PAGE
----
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Translating

I love the Tabor Süden mystery series, which are written by Friedrich Ani, and have often wondered why none of them have been translated into English. It got to the point where I started to translate them myself and so I picked up the first book in the series.   I’ve translated tons of legal documents (cases, statutes, law review articles), but I never realized just how much more difficult it is to translate literature real literature. Take, for instance, the names of the main characters in Ani’s books: Tabor Süden, Sonya Feyerabend, Martin Heuer. When a minor character makes a remark like:

– Wie heißen Sie wieder?
– Martin Heuer
– Und nächstes Jahr?

The literal translation would be:
What did you say your name was, again?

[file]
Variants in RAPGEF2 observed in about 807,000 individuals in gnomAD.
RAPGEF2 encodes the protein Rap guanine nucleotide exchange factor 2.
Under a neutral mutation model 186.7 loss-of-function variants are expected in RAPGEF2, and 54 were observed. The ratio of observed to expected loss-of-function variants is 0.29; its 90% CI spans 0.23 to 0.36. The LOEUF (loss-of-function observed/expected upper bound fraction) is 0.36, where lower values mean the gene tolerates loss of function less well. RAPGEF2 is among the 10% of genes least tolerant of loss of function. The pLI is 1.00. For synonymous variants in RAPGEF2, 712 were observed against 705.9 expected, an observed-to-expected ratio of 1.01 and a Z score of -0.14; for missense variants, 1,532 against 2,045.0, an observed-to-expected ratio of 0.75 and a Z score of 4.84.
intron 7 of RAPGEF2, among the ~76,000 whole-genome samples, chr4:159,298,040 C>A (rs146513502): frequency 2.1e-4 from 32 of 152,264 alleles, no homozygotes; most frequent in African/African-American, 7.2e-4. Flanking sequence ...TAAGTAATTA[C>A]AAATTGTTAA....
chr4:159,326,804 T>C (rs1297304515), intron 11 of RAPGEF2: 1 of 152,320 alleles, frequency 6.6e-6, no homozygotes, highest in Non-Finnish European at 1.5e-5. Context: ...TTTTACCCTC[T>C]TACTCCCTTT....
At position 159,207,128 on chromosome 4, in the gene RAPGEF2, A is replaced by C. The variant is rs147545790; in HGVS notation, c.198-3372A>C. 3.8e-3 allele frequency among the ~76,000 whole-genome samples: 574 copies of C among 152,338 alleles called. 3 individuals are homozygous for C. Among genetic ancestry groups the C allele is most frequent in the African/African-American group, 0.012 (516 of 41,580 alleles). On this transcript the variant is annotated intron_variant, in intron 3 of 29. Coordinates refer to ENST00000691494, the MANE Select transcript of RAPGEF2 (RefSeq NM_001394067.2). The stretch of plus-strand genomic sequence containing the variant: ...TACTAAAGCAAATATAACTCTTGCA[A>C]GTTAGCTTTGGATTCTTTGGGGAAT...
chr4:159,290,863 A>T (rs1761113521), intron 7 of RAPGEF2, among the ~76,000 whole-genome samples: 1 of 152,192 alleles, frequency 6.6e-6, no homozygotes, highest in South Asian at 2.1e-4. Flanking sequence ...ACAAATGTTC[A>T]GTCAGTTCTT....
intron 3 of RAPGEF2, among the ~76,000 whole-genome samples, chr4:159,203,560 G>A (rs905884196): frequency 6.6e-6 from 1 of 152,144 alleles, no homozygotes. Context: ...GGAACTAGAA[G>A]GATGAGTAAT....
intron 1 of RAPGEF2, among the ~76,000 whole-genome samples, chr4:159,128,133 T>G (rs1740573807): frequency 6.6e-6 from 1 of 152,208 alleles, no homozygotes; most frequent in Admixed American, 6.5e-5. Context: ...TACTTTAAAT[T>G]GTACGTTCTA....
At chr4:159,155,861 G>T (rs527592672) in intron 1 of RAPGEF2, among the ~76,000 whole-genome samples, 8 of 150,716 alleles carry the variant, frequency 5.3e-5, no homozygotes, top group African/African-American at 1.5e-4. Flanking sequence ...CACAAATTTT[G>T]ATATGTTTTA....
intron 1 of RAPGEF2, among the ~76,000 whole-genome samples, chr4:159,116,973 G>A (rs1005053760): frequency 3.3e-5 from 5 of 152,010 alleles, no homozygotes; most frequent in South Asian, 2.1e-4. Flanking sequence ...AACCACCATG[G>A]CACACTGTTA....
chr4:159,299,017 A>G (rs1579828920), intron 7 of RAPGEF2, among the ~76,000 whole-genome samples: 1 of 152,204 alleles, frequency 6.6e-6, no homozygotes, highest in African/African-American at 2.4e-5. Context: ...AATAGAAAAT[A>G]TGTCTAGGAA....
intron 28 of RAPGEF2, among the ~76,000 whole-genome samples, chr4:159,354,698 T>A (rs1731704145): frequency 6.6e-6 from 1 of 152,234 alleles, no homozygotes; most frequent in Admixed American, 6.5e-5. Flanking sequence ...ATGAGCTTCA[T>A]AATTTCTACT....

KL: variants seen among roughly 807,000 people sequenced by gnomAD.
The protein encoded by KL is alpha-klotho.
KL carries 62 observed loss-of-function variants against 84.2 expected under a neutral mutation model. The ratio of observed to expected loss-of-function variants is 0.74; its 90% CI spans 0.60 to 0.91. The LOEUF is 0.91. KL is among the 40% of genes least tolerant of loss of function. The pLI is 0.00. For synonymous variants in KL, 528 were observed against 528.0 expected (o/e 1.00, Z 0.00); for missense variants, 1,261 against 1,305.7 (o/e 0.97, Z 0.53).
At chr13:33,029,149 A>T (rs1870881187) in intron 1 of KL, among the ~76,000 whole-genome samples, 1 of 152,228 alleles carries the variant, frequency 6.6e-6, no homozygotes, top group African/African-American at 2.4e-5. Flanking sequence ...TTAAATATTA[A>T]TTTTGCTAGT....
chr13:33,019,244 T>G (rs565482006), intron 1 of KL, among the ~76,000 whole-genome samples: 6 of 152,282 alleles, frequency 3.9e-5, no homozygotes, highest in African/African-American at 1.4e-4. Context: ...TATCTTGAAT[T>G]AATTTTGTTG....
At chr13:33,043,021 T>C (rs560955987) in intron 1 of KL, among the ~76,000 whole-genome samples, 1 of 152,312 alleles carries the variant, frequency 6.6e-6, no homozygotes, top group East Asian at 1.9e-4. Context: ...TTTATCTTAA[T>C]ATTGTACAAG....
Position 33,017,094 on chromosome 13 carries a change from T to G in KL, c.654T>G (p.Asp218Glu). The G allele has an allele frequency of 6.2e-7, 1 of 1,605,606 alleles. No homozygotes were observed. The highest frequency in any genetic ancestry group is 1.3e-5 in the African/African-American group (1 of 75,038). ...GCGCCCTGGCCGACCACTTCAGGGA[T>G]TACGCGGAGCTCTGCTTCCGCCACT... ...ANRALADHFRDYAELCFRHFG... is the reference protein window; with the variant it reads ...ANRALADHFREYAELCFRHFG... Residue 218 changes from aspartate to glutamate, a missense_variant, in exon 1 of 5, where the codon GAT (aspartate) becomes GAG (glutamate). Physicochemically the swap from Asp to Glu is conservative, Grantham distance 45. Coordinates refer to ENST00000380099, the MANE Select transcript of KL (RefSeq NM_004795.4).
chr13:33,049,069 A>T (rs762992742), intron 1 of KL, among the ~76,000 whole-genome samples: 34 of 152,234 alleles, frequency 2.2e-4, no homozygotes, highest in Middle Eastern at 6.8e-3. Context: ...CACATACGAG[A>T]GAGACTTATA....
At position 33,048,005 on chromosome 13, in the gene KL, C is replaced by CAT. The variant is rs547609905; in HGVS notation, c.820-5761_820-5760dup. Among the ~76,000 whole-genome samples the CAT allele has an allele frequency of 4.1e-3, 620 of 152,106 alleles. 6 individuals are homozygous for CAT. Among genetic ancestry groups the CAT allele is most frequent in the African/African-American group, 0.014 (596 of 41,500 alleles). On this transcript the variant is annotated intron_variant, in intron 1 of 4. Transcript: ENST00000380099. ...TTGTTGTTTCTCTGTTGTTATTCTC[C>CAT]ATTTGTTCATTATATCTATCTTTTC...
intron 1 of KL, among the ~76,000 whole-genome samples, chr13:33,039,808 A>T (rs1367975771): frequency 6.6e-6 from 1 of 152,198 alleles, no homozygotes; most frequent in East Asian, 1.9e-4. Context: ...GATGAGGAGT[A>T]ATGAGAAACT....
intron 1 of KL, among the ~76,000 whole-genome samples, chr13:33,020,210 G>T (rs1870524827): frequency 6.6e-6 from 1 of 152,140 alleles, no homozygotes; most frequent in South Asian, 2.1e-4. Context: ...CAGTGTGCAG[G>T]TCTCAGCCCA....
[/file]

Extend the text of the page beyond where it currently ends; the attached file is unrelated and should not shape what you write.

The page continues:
Martin Heuer
And next year? (Heuer being the word for ‘this year’)

or

“Ihr Polizisten haben doch namen.” …. ” Heuer machen wir Feierabend im Süden.”
Literal translation: “You policemen sure have some [weird, peculiar] names” . ….. “This year we’ll celebrate quitting time (Miller time) in the south.” (Punning on all three names, and the homonym of Feyerabend).

Playing on the names of his characters works for Ani in German, but the wordplay doesn’t translate well, if at all.

2 Responses

  1. Yeah, all the fun drips right out of it. Think of all the effort that must have gone into the wordplay of translated works like the Harry Potter series!

  2. Translators are definitely underpaid. Nice haircut, by the way.

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